The figure above shows the event histories of a random sample of newspaper customers. Yellow marks a period of rebate subscription, while green marks a full price subscription. Red denotes a period of no subscriptions - the customer has churned. Read more in "Analyzing Customer Lifetime Value Using Tree Ensembles" (link).
Analysis based on the customer lifetime value concept must typically account for two main aspects of customer behavior: The lifetime of a customer and the monetary value generated while active.
Given a set of customer attributes, such as demographic data and past transactions, a model of customer lifetime value can be created. The model seeks to relate customer attributes to lifetime and value.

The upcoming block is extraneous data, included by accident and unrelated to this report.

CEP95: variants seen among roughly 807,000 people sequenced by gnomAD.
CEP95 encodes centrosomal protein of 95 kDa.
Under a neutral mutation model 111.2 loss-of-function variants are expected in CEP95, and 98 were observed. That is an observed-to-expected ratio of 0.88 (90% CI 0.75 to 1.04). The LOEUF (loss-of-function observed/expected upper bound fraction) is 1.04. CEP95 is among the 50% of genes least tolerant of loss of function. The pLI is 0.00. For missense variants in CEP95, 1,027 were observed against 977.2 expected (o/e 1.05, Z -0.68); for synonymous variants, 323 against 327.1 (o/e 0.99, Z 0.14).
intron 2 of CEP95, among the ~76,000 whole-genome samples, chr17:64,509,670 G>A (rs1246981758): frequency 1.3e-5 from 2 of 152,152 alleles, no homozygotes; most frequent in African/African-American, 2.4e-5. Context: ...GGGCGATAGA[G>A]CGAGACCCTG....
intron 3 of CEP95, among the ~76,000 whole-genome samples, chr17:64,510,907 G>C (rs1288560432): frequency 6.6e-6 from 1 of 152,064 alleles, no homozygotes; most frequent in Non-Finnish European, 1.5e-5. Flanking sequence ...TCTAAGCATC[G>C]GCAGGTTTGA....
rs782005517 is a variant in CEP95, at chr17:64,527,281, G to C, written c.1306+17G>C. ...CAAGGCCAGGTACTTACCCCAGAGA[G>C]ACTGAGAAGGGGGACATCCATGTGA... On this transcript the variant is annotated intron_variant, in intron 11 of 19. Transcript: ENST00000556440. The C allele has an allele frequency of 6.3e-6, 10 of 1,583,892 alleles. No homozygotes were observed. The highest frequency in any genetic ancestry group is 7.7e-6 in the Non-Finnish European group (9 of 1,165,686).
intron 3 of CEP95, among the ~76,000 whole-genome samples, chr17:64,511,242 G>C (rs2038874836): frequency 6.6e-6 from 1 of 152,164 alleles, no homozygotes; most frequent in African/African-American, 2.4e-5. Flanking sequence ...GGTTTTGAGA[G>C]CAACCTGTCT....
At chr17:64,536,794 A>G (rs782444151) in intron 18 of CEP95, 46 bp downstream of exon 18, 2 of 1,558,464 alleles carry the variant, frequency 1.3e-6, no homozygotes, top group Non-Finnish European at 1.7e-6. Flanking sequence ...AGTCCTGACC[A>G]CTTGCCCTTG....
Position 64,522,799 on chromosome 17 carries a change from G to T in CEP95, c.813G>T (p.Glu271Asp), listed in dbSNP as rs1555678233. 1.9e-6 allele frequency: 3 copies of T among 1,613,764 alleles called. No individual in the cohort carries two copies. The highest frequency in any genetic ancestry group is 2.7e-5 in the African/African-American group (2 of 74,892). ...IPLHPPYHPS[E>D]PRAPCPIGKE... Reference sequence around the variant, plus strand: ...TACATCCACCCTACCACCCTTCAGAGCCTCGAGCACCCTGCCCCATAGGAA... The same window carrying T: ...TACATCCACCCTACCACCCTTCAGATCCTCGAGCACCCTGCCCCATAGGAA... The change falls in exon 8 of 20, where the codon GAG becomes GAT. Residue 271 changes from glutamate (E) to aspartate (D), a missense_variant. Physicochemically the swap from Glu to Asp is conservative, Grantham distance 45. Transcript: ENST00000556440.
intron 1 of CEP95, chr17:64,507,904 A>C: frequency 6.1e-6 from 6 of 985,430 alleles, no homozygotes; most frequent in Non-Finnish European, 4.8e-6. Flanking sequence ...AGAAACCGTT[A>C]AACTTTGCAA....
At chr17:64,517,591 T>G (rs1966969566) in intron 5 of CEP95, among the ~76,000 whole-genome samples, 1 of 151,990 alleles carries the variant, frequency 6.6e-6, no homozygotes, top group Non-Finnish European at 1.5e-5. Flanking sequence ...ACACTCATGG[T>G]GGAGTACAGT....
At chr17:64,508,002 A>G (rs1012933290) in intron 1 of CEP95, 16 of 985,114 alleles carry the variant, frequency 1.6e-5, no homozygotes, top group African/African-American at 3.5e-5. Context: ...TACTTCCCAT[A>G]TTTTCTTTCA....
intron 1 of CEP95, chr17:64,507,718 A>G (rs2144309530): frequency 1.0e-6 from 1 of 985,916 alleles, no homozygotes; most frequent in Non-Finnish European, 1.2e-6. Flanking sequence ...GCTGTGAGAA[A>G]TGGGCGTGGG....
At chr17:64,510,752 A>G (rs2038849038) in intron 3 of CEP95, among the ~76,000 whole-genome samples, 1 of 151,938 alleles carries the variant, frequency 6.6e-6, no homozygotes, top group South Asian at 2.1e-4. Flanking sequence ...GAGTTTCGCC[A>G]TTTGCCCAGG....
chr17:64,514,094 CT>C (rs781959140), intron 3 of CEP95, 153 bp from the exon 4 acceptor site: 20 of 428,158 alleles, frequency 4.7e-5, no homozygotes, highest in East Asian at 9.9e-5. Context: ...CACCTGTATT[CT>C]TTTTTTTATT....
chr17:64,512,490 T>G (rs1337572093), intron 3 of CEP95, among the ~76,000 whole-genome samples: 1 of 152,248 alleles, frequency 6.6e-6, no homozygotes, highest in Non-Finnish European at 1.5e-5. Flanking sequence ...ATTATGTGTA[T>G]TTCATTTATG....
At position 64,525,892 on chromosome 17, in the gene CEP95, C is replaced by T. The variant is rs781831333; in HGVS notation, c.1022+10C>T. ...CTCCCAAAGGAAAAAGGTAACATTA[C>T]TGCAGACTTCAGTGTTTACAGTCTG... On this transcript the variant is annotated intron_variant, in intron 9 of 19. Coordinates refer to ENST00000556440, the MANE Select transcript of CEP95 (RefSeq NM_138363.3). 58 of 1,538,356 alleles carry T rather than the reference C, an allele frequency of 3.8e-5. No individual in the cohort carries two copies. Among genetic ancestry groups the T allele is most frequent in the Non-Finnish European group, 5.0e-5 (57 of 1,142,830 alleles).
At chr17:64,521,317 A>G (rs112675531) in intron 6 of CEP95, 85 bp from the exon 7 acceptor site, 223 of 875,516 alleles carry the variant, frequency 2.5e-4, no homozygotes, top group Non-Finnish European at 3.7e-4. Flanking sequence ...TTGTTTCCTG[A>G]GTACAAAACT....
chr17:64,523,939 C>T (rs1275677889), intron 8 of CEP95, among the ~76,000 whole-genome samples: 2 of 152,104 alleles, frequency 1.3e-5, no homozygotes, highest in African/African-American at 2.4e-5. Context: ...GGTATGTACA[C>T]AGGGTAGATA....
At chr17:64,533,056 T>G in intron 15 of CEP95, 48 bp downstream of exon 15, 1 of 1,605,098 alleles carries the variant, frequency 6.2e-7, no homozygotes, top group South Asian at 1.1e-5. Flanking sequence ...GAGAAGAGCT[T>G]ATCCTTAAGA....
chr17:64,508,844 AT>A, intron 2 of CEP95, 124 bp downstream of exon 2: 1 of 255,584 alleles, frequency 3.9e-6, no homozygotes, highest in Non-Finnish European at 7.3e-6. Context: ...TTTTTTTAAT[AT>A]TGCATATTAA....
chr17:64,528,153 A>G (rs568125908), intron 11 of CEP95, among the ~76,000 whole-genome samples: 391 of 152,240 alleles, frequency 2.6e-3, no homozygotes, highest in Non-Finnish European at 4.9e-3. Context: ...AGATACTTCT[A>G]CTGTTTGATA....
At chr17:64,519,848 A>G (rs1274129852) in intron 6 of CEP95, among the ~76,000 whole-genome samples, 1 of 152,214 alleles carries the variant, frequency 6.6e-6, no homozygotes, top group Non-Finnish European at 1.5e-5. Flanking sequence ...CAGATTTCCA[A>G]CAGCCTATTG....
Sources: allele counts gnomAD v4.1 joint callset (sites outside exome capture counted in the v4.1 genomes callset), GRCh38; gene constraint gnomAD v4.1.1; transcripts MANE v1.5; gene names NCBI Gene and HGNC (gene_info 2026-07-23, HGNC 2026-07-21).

An example of a basic quantitative approach is to model value through a linear regression model, while lifetime is estimated based on, say, an exponential distribution.
A customer lifetime value model has several exciting applications.
- Resource Prioritization. Sensible lifetime value estimates can serve as a basis for organizational resource prioritization: Customer service level design, marketing spending, sales force pay and so on.
- Novelty Detection. Detect and react to changes in the marketplace by monitoring the formation of new patterns in customer lifetime value. Are former valuable clients all of a sudden churning at higher rates? Are new groups of high value clients forming?